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It’s Not the Food That Matters

22 Apr

b817a4b04de668b233139e0bccd16c9f“While in their joy they were disbelieving and still wondering, he said to them, ‘Have you anything here to eat?’  They gave him a piece of broiled fish, and he took it and ate in their presence.” – Luke 24:41-43 (NRSV)

It still ranks as one of the most memorable meals I’ve ever eaten: a plain salami sandwich on white bread, accompanied by a cup of black coffee so strong and thick, it more or less qualified as sludge!

Not exactly gourmet cuisine, to be sure; but make no mistake, it was a veritable feast, one shared with my father and the other men out with us on one of our deer hunting trips along a brook deep in the northern Maine woods.  One of the men had brought the sandwiches with him from camp, while another produced a small backpacking camp stove on which he proceeded to “boil a kettle,” which somehow he’d also managed to have on his person, along with the more than ample supply of Maxwell House Regular Grind.  I was still pretty young at the time, not yet much of a coffee drinker, and in fact, not really a fan of salami, either; but I remember thinking while scarfing it down that this was the best salami sandwich I’d ever eaten, and that this black, aromatic ground-filled elixir had now become my new favorite beverage!

When I remember it now, however, what I think of the most is where I was and who I was with. I can still see my father standing there; smoking his ever-present pipe and chuckling at the ever-so-slightly tall tales being told by the guys as they recounted the day’s adventures; and I can still recall how they all listened intently as I shared a story or two of my own.  And it was… great!  Here I was, still just a kid, really, in most respects still very much wet behind the ears with so much yet to learn and to experience; but in those moments out in the woods eating lunch with these men, I knew I truly belonged; to borrow a line from Jean Shepherd, it was like an initiation into a larger world:  I’d arrived, and now the future was filled with possibility.

In these lingering days of Eastertide, I’ve been lately drawn to Luke’s account of how even after the Risen Christ had appeared to them, the disciples were “disbelieving and still wondering” how such an incredible thing as Jesus being alive could possibly be true; in fact, it’s only after Jesus asked them if there was anything to eat, and then ate a piece of broiled fish while they watched that these skeptical followers began to accept that this miracle they’d witnessed was for real. Fascinating that it takes something as everyday and so utterly mundane as eating some leftover food to convince them of the truth of the resurrection; and yet it’s in the very sharing of that small meal that their eyes, ears and hearts are wholly opened to the new life that was theirs because of it!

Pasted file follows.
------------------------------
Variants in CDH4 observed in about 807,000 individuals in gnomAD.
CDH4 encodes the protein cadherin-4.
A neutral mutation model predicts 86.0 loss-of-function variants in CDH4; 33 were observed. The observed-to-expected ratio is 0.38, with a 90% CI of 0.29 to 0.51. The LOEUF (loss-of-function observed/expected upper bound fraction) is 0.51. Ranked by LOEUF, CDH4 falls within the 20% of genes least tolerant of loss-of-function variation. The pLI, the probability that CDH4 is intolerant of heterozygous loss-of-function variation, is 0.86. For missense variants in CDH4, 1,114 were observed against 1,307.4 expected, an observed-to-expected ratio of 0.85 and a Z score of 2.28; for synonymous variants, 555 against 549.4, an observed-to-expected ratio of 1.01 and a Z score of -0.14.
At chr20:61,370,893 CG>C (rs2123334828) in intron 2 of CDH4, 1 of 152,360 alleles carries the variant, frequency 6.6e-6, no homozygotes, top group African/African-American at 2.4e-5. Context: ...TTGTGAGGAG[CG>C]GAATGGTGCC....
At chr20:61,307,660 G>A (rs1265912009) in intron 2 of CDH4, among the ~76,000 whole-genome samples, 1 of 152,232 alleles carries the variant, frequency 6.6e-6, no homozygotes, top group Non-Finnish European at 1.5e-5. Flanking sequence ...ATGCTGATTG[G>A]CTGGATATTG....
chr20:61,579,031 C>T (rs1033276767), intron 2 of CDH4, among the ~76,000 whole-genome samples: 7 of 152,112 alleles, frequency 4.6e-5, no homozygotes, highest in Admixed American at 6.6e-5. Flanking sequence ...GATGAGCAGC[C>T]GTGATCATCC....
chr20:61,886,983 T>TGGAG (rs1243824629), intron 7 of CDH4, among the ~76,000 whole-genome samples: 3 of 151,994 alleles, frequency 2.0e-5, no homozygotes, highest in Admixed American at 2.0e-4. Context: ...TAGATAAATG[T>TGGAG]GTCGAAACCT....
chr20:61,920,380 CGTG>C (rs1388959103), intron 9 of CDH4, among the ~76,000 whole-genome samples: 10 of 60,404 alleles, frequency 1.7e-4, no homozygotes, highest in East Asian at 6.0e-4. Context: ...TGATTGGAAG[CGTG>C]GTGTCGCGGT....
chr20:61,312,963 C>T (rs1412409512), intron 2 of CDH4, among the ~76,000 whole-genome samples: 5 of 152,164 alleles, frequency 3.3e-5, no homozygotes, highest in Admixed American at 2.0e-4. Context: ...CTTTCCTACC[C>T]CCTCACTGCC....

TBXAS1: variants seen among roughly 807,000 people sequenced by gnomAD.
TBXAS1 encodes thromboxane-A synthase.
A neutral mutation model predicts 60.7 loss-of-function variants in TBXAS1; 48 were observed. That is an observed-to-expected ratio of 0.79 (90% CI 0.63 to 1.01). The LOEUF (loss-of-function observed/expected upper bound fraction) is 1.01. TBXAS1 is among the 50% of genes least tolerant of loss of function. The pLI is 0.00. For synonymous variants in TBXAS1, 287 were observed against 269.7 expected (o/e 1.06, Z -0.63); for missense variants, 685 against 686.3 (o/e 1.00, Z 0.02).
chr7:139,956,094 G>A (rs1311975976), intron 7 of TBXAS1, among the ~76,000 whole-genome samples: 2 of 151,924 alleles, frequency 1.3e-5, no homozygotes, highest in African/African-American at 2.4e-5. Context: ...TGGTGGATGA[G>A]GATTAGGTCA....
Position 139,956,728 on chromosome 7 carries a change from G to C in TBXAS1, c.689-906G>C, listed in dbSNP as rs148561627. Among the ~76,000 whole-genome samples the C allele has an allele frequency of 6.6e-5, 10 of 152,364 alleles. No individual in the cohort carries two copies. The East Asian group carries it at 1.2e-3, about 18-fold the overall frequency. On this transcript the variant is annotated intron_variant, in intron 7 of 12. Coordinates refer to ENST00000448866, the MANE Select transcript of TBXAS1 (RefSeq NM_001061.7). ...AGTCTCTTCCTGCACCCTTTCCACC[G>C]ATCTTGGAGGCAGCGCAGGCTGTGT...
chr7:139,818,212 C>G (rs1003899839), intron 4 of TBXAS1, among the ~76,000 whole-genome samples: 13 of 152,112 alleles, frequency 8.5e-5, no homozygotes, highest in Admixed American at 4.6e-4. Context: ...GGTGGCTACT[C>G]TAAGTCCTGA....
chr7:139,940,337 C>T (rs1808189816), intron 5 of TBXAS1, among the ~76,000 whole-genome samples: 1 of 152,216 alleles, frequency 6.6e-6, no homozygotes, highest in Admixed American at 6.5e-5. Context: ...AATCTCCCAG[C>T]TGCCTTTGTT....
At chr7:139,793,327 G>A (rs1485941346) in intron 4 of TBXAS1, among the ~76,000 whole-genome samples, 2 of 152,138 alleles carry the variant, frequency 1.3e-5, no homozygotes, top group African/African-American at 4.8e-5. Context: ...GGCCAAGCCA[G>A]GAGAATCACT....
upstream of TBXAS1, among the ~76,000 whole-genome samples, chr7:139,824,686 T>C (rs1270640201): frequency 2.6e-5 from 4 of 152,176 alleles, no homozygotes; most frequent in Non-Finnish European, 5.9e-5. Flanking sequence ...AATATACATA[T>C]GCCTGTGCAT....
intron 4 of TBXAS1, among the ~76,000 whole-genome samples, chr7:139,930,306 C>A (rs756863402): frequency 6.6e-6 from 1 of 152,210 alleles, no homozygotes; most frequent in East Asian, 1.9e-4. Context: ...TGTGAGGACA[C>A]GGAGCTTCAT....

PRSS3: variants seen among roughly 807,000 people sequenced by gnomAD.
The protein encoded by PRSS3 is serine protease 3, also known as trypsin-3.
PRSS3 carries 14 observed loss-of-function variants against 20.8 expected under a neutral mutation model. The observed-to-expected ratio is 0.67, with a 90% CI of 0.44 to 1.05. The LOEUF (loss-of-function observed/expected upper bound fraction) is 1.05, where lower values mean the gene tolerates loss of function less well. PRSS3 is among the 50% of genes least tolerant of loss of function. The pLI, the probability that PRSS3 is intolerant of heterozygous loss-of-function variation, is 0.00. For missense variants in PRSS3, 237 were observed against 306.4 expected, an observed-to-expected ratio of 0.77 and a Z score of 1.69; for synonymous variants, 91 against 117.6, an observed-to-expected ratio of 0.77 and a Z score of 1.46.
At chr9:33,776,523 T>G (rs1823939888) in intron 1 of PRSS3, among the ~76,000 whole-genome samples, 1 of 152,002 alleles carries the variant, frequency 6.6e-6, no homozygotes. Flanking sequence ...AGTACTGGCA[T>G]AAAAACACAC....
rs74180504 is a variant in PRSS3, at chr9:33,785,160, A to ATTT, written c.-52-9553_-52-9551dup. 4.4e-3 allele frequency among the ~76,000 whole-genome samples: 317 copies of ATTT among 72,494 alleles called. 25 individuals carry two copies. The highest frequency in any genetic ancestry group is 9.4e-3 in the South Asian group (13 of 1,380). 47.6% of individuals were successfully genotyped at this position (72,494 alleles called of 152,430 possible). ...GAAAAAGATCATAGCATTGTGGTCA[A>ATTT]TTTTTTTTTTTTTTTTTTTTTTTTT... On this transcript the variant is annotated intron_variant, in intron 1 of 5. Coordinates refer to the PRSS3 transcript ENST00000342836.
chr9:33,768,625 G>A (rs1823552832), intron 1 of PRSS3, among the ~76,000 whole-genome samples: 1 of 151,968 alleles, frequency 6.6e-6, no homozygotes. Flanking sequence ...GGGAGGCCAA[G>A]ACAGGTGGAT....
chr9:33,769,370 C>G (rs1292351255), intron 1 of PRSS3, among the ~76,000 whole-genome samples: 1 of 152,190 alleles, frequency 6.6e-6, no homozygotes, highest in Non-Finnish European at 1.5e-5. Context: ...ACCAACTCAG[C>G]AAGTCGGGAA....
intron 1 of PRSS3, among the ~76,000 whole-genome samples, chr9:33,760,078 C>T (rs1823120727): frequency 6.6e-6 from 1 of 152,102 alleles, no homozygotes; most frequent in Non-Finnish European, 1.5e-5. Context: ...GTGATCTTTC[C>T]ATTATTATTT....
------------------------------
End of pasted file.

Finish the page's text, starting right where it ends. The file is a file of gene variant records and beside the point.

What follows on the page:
As Luke tells the story, it’s a small but telling moment; one in which the cosmic nature of the divine becomes intensely personal; and, after all, isn’t that very reason that Jesus was raised from the dead?

It strikes me that each year as Easter approaches and we join with faithful people everywhere in coming again to the empty tomb, we cannot help but be overwhelmed by the sheer power of that singular event: the massive earthquake, the stone that had been rolled away; the angel in bright raiment proclaiming that Jesus was not there but had risen. It’s truly the stuff that our alleluias are meant for, and it’s what rightly fills our Easter morning songs and hymns with such joy and triumph. However, as Easter Sunday becomes Eastertide and we delve deeper into the story, we discover that in many ways it ends up being the smaller, more intimate moments of what happened that bring us closer to the truth of his resurrection: Mary, at first mistaking the Risen Christ for the gardener, but then realizing the truth when Jesus speaks her name aloud; “Doubting” Thomas, insisting he see the wounds on Jesus’ hands and feet if he is to believe, only to melt into wonder and praise just as Jesus gives him that very opportunity; Peter, awkwardly facing Jesus and his own denials over breakfast on the beach. In every instance, there was a noticeable lack of what we might think of as “biblical spectacle;” but then again, these were moments in which believing ultimately became less about the shaking of heaven and earth than it was about the touching of their very hearts; it was about the Risen Christ coming to each one precisely in the places of their own brokenness, offering healing, peace and new life that brings a new purpose.

It was a gift of divine grace, borne of infinite and redeeming love; and it’s a model, if you will, that still extends to you and me today, just as it does to all those who were not a witness to the events of that day of resurrection – people who, much like those first “still wondering” disciples, struggle with its great mystery – and yet somehow know in their heart of hearts that it’s real. Indeed, there are so many of us who have had the experience – however small, unique or even fleeting it might have been – of  truly knowing that in the times we thought ourselves to be totally alone there was in fact a divine presence as close to us as our very breathing.  It was an affirmation, and for us a true proclamation: perhaps it came about through prayer and worship; or else it could have been something felt on a mountaintop or beside an ocean, or because of the support and insight that was offered in the company of kindred hearts.  For that matter, maybe it was an awareness that came about suddenly and without warning; like, for instance, during a meal of say, grilled fish or even a salami sandwich!

After all, it’s not so much the food that matters as much as who you share it with.

c. 2015  Rev. Michael W. Lowry

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